While we were talking about how many more “necessary” items we could scratch, I mentioned that I could give up the idea of having a “real” dining room as long as there’s a nice open-concept floor plan joining the kitchen to a space large enough to accommodate a big table (preferably in a space that would wear plum-purple on the walls.  I have this image in my head of a plum-purple dining room and I will not rest until it’s become an absolute reality.)  Ryan, however, is insistent that we have a dining room.  Since we began our search, that was the one item on my list that I wanted more than anything, and he has been very sensitive to that request, gently reminding me when I fell in love with places that didn’t have one that I would eventually regret finding a house without a dining room.  It was then that Ryan really put things into perspective for me.  His search for the perfect home can be compared to his search for perfectly-prepared food.

See, until I met him, I always thought I had high expectations.  Once I set my mind to what I want, I go for it.  Nothing short of the apocalypse will get in my way.  Come hell or high water, “determined” is what the “D” in my first name stands for.

Ryan, on the other hand, doesn’t know exactly what he wants; he just knows that it has to be perfect.  Obviously, nothing in this life is perfect; not one of the houses we offered on were perfect either.  They all had little quirks here and there that I would have changed.  They all had little quirks here and there that couldn’t be changed.  But regardless, they were all close enough to what I had been looking for that I would have changed what I could and look at the rest as long-term goals and projects.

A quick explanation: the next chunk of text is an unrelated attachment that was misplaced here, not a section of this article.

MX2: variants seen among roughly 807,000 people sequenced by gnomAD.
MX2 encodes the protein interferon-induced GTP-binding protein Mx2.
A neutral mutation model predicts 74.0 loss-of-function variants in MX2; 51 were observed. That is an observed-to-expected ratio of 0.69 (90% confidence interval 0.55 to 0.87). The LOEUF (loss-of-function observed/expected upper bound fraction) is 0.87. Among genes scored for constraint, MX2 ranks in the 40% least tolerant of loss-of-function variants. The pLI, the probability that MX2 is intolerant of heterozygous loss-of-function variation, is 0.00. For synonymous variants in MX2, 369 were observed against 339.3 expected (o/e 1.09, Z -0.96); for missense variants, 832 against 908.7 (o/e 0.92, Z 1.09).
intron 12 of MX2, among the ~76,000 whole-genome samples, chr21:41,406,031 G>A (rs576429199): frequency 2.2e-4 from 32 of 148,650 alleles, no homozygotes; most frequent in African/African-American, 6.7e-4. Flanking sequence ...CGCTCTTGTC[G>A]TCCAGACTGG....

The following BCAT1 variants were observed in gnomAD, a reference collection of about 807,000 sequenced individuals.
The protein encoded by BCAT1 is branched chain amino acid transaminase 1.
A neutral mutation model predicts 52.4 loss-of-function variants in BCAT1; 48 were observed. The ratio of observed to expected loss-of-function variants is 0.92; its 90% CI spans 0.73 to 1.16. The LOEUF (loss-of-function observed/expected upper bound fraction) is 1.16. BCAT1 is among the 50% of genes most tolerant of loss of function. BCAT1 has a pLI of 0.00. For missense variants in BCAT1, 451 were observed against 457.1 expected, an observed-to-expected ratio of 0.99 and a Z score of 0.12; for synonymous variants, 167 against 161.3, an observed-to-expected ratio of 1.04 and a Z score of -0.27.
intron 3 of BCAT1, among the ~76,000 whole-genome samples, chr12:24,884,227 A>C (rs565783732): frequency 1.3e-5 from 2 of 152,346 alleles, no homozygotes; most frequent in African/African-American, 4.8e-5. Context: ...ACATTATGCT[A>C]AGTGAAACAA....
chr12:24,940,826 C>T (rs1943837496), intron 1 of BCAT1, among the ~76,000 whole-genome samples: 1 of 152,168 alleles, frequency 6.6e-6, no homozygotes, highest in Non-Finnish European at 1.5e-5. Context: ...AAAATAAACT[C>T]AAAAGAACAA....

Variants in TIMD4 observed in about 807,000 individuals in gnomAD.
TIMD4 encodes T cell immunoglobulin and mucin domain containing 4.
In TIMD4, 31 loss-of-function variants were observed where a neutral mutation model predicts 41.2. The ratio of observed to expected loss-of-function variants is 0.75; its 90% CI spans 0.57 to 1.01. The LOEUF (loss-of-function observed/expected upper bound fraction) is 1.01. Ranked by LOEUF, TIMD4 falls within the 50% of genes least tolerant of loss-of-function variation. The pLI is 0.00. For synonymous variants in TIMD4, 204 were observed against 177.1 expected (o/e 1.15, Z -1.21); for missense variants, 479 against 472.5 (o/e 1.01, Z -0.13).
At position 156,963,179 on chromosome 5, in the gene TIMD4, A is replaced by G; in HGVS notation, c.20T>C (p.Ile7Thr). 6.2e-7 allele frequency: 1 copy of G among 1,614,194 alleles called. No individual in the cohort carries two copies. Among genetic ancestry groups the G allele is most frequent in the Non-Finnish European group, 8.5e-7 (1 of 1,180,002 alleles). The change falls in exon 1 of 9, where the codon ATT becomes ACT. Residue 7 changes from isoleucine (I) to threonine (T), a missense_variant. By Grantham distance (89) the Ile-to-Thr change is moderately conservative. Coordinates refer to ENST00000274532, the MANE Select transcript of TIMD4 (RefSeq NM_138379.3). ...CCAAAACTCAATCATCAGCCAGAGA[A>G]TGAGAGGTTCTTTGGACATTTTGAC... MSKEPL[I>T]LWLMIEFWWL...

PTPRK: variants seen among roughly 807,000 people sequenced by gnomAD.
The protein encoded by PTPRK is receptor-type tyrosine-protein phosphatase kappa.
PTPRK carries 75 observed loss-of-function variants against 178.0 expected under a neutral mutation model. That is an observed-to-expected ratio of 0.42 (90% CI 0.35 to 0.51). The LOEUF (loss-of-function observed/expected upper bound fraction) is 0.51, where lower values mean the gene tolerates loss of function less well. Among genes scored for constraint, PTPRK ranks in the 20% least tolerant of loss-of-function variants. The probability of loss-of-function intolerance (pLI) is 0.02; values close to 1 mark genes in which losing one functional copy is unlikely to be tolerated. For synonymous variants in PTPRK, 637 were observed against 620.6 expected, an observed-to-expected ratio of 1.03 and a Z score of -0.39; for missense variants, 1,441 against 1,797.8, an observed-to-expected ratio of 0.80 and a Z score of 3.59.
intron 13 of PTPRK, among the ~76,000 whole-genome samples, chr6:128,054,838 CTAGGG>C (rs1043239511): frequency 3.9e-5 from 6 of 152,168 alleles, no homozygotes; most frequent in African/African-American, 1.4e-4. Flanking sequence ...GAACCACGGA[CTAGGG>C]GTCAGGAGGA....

Last night, though, as we were talking, Ryan pointed out his absolute intolerance for imperfection.  He compared our home-search to my cooking:

(*Ed. Note: I’m paraphrasing here, and possibly combining two different conversations.  Regardless, we arrive at the same point.)

“See,” he said, “It’s like your cooking.  You’re a good cook. I like your cooking.  But if my broccoli doesn’t taste right or if the meat is overcooked, I’m gonna tell you about it.  Because that’s just how I am.  I find problems with everything, even if it’s just to nit-pick at something.   Now, the way you make cucumber sandwiches is perfect.  You make ’em just like my Grandma Merrow used to.  She made the best cucumber sandwiches ever, and you make them just like she did; that’s why I can’t make my own.  I’ll just mess it up.  There are two things in my life that I can’t complain about not being perfect: my wife, and her cucumber sandwiches.”

Food analogy aside, and the fact that I fall into rank with my ability to toast two pieces of bread, slather them with mayo and slap on a few cucumbers and a sprinkling of salt and pepper, is that not the sweetest thing ever?  See why I married this guy?